The good, the bad, and the undigested choices in consuming carbohydrates
By Ea Francisco |Photo by Nathan Dumlao/Unsplash
Everybody’s heard of low-carb diets. But just like fat and protein, people can be easily misinformed about carbs. Carbs are one of those food groups often accused of being the reason for weight gain, but in reality they’re not all bad. Carbohydrates are one of the primary energy-giving macronutrients. It’s the main and first source of energy, accounting for about 45 to 60 percent of energy intake. Since carbs are used up before protein, it also helps prevent the body from eating its own muscles. Like other food groups, carbohydrates is an umbrella term that can be further divided into three types.
Despite the claims of diets that promote cutting back on carbohydrates, these macronutrients are among the most important components of the foods you eat. Carbohydrates typically come in three varieties: sugars, starches and fiber. Grains, vegetables, fruits and dairy are all sources of carbohydrates, which should make up about 45 to 65 percent of your daily caloric intake. Getting too few carbohydrates can lead to unpleasant side-effects and, over time, even major complications. . . . . . . .
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Also known as simple sugars, simple carbohydrates contain either one (monosaccharides) or two (disaccharides) units of sugar. These should be limited as it can be easily broken down by the body and quickly spike your blood sugar. These can occur naturally in fruits, vegetables, and dairy products or produced commercially as “added sugars” to sweeten foods. Natural sugars like fructose from fruits and lactose from milk aren’t as bad and comes only in small doses, but in processed food like candy and soft drinks should be avouded. These give you easy access to sugar and should only be consumed when you’re active and need the rush of energy.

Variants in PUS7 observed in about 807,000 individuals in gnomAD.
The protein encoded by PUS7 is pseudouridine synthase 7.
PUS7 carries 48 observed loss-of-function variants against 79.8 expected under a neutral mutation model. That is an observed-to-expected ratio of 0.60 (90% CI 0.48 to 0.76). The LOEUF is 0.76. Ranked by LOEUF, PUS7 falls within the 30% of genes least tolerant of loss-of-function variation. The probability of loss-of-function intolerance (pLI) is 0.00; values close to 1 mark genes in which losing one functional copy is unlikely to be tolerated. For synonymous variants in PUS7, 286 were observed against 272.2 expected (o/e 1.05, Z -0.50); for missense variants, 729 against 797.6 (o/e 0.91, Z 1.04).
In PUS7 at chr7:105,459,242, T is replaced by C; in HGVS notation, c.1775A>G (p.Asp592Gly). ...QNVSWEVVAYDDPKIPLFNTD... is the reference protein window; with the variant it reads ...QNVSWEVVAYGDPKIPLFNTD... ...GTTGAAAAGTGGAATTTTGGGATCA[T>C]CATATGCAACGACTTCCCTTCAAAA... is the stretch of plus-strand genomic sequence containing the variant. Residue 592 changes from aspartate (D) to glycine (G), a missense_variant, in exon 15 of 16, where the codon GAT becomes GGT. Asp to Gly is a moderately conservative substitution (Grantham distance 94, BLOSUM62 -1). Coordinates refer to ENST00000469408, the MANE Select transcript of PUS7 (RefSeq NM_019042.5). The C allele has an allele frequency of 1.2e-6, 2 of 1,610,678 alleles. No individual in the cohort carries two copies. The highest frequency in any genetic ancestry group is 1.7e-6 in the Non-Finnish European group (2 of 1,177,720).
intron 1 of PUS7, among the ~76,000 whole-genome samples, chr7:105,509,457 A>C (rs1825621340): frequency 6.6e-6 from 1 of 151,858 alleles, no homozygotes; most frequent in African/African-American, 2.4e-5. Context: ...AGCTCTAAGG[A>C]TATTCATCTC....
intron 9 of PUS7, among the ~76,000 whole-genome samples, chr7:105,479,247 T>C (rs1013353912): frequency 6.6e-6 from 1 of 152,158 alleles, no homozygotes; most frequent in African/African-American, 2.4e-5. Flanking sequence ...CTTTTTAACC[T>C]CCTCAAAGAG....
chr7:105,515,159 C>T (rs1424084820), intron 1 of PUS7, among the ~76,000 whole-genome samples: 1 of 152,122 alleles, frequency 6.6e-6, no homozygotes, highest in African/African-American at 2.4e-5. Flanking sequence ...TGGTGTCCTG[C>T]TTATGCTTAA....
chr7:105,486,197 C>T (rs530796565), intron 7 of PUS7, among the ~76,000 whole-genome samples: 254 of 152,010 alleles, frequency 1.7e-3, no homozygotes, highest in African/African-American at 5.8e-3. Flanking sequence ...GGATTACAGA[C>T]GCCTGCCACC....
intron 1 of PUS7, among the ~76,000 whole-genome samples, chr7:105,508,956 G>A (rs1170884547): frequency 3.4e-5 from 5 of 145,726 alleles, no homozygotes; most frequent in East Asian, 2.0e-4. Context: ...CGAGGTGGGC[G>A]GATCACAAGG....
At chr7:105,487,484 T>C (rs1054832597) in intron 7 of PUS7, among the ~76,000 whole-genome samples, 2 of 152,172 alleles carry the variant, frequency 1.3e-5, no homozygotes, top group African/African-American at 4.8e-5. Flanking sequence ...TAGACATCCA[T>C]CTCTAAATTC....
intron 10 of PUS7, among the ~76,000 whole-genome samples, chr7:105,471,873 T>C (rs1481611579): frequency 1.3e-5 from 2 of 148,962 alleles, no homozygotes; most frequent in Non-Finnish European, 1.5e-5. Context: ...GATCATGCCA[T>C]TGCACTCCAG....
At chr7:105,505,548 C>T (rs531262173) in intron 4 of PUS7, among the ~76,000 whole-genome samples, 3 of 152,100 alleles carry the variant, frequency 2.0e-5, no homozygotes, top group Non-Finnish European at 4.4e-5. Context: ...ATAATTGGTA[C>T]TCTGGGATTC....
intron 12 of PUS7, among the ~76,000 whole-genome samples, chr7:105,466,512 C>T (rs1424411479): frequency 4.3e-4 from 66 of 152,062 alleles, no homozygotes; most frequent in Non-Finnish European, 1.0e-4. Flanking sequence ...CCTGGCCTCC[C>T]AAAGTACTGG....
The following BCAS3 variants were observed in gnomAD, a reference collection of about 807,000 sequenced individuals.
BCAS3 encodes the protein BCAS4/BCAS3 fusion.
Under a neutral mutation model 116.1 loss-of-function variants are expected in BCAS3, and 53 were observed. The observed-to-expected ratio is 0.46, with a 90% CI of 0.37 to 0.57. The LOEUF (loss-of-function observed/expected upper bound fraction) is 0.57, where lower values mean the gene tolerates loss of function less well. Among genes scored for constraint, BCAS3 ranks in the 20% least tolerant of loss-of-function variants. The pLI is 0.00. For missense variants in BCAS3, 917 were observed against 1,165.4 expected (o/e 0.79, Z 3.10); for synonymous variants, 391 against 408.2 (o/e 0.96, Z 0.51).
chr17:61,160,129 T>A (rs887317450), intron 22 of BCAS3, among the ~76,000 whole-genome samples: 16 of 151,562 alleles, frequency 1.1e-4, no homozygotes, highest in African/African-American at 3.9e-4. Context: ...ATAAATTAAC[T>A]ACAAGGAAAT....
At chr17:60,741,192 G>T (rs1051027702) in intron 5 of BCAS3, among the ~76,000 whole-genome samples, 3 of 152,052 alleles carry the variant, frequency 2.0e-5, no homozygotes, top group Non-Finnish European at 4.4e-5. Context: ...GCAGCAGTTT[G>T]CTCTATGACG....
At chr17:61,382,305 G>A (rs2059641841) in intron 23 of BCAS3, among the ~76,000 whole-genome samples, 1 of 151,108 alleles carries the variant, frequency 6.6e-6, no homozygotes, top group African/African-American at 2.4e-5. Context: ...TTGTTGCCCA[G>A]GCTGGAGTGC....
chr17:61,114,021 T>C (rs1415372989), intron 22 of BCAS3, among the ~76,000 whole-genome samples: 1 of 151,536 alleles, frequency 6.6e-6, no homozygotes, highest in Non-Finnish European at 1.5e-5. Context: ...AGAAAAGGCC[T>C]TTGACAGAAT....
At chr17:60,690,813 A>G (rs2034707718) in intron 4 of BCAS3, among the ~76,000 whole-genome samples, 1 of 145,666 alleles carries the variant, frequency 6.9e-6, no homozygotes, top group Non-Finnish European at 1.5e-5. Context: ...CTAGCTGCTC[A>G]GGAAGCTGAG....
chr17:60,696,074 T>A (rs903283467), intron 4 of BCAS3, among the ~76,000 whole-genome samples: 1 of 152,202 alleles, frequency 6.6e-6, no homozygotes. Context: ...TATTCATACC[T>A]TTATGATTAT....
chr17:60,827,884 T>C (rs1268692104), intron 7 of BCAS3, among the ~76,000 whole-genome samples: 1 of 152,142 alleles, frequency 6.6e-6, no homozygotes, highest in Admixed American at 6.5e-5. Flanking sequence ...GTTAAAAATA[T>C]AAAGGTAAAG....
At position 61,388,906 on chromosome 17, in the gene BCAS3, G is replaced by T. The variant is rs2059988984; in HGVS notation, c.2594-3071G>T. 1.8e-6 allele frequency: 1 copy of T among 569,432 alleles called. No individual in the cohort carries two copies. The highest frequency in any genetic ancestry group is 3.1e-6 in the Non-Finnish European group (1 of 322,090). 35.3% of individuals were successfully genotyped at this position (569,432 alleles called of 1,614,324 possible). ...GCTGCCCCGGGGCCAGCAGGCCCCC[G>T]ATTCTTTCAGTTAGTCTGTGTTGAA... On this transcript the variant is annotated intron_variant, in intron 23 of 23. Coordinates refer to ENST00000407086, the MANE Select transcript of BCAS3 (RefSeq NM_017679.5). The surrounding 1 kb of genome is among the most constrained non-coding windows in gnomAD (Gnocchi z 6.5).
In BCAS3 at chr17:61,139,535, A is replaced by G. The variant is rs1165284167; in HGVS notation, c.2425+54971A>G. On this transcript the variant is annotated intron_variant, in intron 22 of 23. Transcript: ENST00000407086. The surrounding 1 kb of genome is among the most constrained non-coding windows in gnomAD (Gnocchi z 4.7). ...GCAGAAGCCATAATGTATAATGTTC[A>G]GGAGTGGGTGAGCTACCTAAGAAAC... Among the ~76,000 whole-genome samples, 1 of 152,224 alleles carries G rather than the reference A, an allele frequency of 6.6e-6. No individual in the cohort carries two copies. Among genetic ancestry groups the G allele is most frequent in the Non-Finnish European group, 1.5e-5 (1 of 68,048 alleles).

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These are sugars too, but it’s made up of more complex chains and is also known as starch. It gives you a more steady blood sugar level throughout the day because these carbs are broken down slowly. Refined starches such as cakes and white bread also fall under complex carbs. These have had their nutritional value stripped off and are considered empty calories. Starchy vegetables like legumes and whole-wheat products are better sources of complex carbs that still contain plenty of vitamins and minerals.
Move over croutons, chickpeas are the new salad topper! Roasting your chickpeas will bring a whole new taste and appeal to this little bean. Toss them onto a salad or package them up for an afternoon snack. Ikarians and Sardinians add chickpeas to soups, roast them for snacks, and blend them into hummus. . . . . . #bluezones #plantslant #ikaria #mediterraneandiet #eatyourbeans #eatyourgreens #sweetgreen #salad #kalesalad #chickpeas #eatyourveggies #eatyourvegetables #eattherainbow #colorfulfoodie #plantbased #plantbaseddiet #plantpowered #eatplants #greens #beans #superfoods #grains #carbohydrates
This kind of carb falls under complex carbs but unlike starch, it cannot be digested. These kinds of food just pass through our digestive system and, in the process, cleans the colon and helps maintain healthy bowel movement. Many foods rich in fiber are also low in calories. Vegetables, oats, and cereals are common fiber sources.
If you’re thinking of cutting off more, you have to understand what you’re going to lose. There’s a reason why your body needs carbohydrates, so maybe reconsider before completely taking it out of your system. You might find that you’ll lose more than just your weight.